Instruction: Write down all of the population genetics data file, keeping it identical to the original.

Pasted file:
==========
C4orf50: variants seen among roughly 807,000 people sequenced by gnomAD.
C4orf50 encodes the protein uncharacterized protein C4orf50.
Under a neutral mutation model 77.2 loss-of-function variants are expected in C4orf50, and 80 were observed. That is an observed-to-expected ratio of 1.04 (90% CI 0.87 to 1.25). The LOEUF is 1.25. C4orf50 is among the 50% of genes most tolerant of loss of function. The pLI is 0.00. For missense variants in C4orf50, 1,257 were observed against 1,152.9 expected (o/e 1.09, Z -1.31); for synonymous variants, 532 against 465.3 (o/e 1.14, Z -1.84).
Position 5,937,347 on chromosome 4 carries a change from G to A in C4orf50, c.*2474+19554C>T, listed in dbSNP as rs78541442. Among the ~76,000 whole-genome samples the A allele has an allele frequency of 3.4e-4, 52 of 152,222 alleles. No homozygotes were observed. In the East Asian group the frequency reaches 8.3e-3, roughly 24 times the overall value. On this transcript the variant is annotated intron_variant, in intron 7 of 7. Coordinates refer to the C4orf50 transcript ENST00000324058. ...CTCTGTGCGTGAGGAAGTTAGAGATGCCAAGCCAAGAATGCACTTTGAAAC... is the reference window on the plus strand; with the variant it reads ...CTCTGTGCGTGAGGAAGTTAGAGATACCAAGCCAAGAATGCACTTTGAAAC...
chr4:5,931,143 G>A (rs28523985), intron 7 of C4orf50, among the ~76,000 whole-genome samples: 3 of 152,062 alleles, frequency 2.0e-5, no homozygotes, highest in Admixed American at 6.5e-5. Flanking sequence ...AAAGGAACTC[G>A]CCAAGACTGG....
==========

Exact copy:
C4orf50: variants seen among roughly 807,000 people sequenced by gnomAD.
C4orf50 encodes the protein uncharacterized protein C4orf50.
Under a neutral mutation model 77.2 loss-of-function variants are expected in C4orf50, and 80 were observed. That is an observed-to-expected ratio of 1.04 (90% CI 0.87 to 1.25). The LOEUF is 1.25. C4orf50 is among the 50% of genes most tolerant of loss of function. The pLI is 0.00. For missense variants in C4orf50, 1,257 were observed against 1,152.9 expected (o/e 1.09, Z -1.31); for synonymous variants, 532 against 465.3 (o/e 1.14, Z -1.84).
Position 5,937,347 on chromosome 4 carries a change from G to A in C4orf50, c.*2474+19554C>T, listed in dbSNP as rs78541442. Among the ~76,000 whole-genome samples the A allele has an allele frequency of 3.4e-4, 52 of 152,222 alleles. No homozygotes were observed. In the East Asian group the frequency reaches 8.3e-3, roughly 24 times the overall value. On this transcript the variant is annotated intron_variant, in intron 7 of 7. Coordinates refer to the C4orf50 transcript ENST00000324058. ...CTCTGTGCGTGAGGAAGTTAGAGATGCCAAGCCAAGAATGCACTTTGAAAC... is the reference window on the plus strand; with the variant it reads ...CTCTGTGCGTGAGGAAGTTAGAGATACCAAGCCAAGAATGCACTTTGAAAC...
chr4:5,931,143 G>A (rs28523985), intron 7 of C4orf50, among the ~76,000 whole-genome samples: 3 of 152,062 alleles, frequency 2.0e-5, no homozygotes, highest in Admixed American at 6.5e-5. Flanking sequence ...AAAGGAACTC[G>A]CCAAGACTGG....